See also: CIO Profile, DWP's Joe Harley

The Department for Work and Pensions (DWP) has inked two major software deals with HP, covering a core benefits system and departmental application support, strengthening its dominant position with five major contracts in the department.

HP already provides desktop services on an interim basis to the department, after the DWP tore up a £300 million contract with Fujitsu only one year in, for undisclosed reasons. HP also runs hosting and integration for the DWP.

The move has already raised questions over the department's commitment to the government promise of broadening its supplier base, as suppliers that lost out on the work had gone through expensive bid processes.

In winning the core benefits system work, which is a major project, HP beat Accenture and Capgemini. For the overall applications support, Accenture and IBM lost out. The new deals are understood to be worth over £100 million a year in total.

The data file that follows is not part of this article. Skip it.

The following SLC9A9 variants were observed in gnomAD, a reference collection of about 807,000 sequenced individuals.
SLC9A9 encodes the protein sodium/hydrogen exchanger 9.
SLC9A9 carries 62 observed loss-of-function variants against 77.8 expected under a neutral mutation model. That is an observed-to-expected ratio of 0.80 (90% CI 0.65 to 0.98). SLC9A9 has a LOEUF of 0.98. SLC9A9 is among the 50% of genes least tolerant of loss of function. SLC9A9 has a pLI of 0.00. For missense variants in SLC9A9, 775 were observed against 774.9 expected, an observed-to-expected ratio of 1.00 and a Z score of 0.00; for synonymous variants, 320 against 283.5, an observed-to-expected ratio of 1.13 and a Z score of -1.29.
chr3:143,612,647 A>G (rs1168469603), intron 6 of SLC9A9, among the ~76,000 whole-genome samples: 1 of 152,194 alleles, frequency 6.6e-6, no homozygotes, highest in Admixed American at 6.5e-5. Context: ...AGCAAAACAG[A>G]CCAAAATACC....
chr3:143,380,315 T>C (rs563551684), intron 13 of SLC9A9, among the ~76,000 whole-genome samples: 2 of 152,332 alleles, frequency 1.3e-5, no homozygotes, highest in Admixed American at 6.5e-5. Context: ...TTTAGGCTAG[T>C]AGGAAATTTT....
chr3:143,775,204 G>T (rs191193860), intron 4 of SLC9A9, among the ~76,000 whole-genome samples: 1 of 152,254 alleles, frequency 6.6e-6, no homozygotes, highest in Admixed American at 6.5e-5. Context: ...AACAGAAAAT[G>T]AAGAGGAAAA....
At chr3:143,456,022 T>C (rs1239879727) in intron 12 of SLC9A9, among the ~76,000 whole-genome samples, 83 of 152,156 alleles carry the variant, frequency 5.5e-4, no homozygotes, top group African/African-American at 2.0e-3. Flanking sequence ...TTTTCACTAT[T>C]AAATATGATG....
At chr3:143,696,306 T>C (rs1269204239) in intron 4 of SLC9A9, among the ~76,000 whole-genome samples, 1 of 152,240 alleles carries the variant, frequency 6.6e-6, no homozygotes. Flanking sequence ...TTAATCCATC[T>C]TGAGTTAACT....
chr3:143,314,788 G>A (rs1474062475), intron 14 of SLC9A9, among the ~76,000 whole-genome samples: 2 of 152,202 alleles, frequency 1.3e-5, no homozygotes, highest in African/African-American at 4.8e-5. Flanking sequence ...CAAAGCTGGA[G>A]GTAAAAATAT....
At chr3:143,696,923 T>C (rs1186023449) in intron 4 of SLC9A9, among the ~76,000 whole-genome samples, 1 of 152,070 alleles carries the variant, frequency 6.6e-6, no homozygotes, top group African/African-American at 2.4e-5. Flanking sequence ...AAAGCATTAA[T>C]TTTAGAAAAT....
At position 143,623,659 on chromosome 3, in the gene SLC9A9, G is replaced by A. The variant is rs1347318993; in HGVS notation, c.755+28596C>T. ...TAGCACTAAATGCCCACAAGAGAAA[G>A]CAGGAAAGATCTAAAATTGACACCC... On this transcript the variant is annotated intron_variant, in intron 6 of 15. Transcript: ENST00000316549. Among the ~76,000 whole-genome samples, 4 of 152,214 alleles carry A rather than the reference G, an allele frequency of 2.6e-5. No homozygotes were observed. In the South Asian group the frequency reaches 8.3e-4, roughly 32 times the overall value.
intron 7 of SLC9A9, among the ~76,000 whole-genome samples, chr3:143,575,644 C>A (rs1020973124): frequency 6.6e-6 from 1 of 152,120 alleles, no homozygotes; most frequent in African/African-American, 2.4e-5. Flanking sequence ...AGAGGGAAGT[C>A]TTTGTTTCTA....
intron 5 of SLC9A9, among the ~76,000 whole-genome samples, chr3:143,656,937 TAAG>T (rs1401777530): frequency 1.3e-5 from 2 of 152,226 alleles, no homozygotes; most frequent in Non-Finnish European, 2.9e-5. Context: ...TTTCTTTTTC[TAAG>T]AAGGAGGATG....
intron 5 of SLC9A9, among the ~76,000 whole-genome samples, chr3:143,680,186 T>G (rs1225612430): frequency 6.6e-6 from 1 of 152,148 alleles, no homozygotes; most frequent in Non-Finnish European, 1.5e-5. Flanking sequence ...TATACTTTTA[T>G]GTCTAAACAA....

The DWP insisted that by adding to the amount of work run by HP it will “reduce the amount of daily and monthly charges paid for the service we receive and will result in savings ", analyst house TechMarketView reported.

Georgina O’Toole, director at TechMarketView, said that the move “looks suspiciously like an admittance that, in times of austerity, large broad-ranging deals with one supplier can help to keep costs down”.

While the government had proposed moving to a wider range of suppliers, she said, “spreading the spoils ... looks like a good idea on paper but won't always get the best deal for departments in reality”.

Last week, the DWP awarded application development contracts to IBM and Capgemini.